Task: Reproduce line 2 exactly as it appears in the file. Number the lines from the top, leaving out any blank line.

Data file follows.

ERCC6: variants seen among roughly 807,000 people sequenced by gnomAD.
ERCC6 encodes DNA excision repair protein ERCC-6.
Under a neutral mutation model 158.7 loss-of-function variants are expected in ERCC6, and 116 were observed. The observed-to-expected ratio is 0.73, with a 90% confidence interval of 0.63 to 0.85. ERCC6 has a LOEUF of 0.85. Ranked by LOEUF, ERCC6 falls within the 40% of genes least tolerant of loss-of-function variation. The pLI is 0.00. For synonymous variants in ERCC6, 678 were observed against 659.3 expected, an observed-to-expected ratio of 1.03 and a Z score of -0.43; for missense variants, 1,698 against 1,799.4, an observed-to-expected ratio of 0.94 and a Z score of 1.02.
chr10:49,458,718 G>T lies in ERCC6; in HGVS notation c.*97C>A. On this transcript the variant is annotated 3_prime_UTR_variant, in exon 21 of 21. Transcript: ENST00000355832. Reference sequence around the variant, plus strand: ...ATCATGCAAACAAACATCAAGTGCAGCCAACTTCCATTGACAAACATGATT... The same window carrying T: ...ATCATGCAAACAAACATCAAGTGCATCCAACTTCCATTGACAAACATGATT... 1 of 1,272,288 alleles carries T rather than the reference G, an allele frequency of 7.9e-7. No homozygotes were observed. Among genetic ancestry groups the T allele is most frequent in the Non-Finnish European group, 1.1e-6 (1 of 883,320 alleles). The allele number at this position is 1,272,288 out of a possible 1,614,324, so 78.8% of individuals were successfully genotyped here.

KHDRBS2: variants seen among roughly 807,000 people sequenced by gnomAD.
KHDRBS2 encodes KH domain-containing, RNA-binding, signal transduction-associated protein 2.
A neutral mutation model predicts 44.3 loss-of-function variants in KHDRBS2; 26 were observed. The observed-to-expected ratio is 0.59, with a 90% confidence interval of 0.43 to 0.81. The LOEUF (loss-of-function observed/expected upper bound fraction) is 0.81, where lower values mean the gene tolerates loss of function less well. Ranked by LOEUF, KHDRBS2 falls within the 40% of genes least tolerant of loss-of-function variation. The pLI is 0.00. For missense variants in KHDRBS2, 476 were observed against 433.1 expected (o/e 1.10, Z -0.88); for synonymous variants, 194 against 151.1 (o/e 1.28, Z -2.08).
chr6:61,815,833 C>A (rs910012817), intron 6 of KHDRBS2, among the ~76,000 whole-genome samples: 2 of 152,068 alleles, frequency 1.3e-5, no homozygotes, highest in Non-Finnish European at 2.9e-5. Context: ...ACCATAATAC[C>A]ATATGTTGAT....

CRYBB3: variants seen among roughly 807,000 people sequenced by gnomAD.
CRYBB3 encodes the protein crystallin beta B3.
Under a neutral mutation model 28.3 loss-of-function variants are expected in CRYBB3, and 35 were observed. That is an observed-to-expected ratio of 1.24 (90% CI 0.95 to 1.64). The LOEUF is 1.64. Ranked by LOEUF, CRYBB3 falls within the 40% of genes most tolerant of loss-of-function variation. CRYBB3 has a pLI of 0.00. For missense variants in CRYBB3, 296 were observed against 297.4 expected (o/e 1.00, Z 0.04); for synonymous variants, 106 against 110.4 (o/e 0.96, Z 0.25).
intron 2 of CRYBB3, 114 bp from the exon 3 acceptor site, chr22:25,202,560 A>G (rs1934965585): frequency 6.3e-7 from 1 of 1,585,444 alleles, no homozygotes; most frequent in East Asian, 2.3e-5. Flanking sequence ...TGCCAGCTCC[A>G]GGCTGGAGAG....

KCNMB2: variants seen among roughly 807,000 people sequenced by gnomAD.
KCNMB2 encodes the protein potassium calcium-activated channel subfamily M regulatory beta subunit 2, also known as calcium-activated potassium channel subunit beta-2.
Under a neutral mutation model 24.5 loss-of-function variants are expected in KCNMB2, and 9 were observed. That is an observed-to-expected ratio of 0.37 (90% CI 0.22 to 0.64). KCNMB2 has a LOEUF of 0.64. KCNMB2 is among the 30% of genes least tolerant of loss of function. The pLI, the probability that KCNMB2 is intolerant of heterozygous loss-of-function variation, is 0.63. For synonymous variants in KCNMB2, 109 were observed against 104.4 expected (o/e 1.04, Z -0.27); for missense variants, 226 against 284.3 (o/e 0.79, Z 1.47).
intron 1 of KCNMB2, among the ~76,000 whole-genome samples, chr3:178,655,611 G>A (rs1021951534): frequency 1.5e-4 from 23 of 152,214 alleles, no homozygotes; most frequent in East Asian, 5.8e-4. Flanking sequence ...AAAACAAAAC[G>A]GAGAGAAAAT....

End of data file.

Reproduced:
ERCC6 encodes DNA excision repair protein ERCC-6.